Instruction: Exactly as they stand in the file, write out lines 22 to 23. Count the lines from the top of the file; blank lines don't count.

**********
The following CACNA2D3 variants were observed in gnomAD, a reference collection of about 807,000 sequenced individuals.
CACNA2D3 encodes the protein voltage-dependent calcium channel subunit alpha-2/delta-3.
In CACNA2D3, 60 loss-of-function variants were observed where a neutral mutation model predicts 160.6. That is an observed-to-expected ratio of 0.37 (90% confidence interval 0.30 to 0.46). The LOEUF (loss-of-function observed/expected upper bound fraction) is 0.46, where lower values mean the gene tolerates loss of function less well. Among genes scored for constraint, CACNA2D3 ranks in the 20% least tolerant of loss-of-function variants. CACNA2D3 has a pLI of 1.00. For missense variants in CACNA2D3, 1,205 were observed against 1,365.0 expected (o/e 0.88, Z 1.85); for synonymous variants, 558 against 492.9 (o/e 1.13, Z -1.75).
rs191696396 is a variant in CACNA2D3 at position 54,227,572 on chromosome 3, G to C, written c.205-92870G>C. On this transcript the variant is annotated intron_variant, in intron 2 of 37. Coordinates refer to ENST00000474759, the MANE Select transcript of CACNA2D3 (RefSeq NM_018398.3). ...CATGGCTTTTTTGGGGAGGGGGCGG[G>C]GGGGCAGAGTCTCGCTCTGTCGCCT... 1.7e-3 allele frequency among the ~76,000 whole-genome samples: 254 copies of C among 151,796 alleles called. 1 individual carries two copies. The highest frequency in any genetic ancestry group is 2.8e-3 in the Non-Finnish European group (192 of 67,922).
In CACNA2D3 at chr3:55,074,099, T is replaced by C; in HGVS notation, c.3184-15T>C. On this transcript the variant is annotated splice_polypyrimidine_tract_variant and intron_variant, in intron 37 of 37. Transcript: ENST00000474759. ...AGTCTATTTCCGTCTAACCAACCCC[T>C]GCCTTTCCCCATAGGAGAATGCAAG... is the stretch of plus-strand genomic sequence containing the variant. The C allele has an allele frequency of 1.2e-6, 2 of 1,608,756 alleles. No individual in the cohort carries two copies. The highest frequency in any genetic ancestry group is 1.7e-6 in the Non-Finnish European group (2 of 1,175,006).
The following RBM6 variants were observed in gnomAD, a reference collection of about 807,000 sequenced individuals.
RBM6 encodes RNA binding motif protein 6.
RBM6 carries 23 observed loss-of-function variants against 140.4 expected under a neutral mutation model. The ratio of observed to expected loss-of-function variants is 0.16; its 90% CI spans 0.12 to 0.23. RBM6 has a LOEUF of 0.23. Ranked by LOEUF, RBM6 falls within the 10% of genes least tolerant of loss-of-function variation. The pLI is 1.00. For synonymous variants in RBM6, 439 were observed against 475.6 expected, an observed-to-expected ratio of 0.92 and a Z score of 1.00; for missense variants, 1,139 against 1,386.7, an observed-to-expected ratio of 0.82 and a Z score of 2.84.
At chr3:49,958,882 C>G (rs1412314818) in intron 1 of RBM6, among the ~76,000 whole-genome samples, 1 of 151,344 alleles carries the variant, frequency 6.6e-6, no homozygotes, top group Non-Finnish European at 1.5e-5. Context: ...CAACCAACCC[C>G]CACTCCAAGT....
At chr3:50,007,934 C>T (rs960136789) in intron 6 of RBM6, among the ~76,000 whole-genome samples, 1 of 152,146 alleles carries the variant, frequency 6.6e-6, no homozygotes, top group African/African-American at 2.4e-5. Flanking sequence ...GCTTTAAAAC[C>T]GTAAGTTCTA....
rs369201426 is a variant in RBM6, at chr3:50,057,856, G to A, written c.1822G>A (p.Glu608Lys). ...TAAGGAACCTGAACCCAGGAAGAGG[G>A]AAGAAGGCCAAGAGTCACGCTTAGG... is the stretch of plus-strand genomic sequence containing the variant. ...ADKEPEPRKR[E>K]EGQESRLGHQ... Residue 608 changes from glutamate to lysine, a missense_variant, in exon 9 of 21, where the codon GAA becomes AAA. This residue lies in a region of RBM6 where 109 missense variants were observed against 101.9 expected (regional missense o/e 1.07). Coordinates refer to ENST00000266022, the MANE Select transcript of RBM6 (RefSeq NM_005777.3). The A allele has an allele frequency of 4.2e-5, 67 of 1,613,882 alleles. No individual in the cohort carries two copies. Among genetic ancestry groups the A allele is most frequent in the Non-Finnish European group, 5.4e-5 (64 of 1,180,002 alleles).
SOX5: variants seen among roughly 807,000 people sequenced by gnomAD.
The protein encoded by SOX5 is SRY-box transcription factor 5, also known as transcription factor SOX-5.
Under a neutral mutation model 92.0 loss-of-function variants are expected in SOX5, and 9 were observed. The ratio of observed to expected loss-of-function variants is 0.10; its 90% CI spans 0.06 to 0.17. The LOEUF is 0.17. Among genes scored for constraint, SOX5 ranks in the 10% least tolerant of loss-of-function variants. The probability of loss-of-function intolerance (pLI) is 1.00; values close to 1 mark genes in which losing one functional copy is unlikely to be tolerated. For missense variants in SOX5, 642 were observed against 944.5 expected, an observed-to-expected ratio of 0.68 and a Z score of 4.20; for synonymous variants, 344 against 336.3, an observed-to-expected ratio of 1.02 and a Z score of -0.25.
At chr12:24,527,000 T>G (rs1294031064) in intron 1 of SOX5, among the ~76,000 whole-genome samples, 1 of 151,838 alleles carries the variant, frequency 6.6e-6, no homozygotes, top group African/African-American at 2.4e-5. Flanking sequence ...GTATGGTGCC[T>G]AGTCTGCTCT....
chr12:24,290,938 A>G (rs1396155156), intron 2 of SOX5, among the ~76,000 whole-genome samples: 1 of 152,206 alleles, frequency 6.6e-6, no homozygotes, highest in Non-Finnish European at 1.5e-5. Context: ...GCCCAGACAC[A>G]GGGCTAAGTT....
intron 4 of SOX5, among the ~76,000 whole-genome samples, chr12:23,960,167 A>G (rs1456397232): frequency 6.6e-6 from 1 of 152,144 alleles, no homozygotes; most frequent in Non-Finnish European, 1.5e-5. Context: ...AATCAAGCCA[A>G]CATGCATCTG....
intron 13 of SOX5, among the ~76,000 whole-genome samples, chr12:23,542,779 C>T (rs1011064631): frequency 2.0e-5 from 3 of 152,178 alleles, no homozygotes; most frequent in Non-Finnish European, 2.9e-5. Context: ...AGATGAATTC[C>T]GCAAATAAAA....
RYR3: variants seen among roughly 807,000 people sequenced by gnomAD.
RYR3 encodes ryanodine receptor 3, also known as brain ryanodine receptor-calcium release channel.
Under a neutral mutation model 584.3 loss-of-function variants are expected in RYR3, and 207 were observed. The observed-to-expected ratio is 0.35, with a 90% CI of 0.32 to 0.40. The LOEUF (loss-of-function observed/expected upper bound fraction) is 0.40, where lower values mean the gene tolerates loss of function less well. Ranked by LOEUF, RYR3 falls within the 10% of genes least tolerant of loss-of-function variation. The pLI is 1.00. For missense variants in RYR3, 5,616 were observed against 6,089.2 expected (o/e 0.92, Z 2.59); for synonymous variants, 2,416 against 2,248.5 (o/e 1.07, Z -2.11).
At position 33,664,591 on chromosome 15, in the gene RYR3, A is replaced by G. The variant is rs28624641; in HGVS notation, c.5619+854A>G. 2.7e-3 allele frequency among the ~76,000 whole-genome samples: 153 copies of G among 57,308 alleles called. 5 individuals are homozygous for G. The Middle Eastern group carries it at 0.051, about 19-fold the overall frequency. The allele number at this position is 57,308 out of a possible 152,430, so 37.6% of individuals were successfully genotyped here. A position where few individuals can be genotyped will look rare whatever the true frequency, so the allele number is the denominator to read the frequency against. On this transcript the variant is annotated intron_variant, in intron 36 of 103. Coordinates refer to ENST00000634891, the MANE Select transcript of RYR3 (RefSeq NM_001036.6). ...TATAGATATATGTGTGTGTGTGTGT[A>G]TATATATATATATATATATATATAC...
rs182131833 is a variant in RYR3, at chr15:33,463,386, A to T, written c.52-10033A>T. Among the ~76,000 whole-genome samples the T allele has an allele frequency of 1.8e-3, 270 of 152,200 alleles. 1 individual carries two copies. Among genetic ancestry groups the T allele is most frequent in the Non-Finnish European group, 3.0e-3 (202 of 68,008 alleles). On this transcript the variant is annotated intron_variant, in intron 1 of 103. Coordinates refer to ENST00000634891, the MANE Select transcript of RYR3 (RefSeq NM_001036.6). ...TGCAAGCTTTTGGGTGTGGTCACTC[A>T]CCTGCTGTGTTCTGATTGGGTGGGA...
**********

At position 33,664,591 on chromosome 15, in the gene RYR3, A is replaced by G. The variant is rs28624641; in HGVS notation, c.5619+854A>G. 2.7e-3 allele frequency among the ~76,000 whole-genome samples: 153 copies of G among 57,308 alleles called. 5 individuals are homozygous for G. The Middle Eastern group carries it at 0.051, about 19-fold the overall frequency. The allele number at this position is 57,308 out of a possible 152,430, so 37.6% of individuals were successfully genotyped here. A position where few individuals can be genotyped will look rare whatever the true frequency, so the allele number is the denominator to read the frequency against. On this transcript the variant is annotated intron_variant, in intron 36 of 103. Coordinates refer to ENST00000634891, the MANE Select transcript of RYR3 (RefSeq NM_001036.6). ...TATAGATATATGTGTGTGTGTGTGT[A>G]TATATATATATATATATATATATAC...
rs182131833 is a variant in RYR3, at chr15:33,463,386, A to T, written c.52-10033A>T. Among the ~76,000 whole-genome samples the T allele has an allele frequency of 1.8e-3, 270 of 152,200 alleles. 1 individual carries two copies. Among genetic ancestry groups the T allele is most frequent in the Non-Finnish European group, 3.0e-3 (202 of 68,008 alleles). On this transcript the variant is annotated intron_variant, in intron 1 of 103. Coordinates refer to ENST00000634891, the MANE Select transcript of RYR3 (RefSeq NM_001036.6). ...TGCAAGCTTTTGGGTGTGGTCACTC[A>T]CCTGCTGTGTTCTGATTGGGTGGGA...